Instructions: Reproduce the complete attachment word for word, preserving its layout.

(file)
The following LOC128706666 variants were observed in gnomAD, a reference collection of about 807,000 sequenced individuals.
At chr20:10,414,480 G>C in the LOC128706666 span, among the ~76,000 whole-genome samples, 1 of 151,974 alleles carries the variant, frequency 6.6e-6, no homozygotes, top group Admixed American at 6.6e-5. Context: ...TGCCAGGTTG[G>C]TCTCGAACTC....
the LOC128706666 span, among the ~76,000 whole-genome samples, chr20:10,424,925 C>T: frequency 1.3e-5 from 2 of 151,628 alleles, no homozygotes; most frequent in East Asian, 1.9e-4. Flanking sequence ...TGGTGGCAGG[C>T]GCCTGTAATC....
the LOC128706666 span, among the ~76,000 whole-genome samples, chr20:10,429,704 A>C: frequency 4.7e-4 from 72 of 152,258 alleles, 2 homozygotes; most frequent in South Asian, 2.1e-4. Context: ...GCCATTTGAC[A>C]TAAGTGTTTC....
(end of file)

The following LOC128706666 variants were observed in gnomAD, a reference collection of about 807,000 sequenced individuals.
At chr20:10,414,480 G>C in the LOC128706666 span, among the ~76,000 whole-genome samples, 1 of 151,974 alleles carries the variant, frequency 6.6e-6, no homozygotes, top group Admixed American at 6.6e-5. Context: ...TGCCAGGTTG[G>C]TCTCGAACTC....
the LOC128706666 span, among the ~76,000 whole-genome samples, chr20:10,424,925 C>T: frequency 1.3e-5 from 2 of 151,628 alleles, no homozygotes; most frequent in East Asian, 1.9e-4. Flanking sequence ...TGGTGGCAGG[C>T]GCCTGTAATC....
the LOC128706666 span, among the ~76,000 whole-genome samples, chr20:10,429,704 A>C: frequency 4.7e-4 from 72 of 152,258 alleles, 2 homozygotes; most frequent in South Asian, 2.1e-4. Context: ...GCCATTTGAC[A>C]TAAGTGTTTC....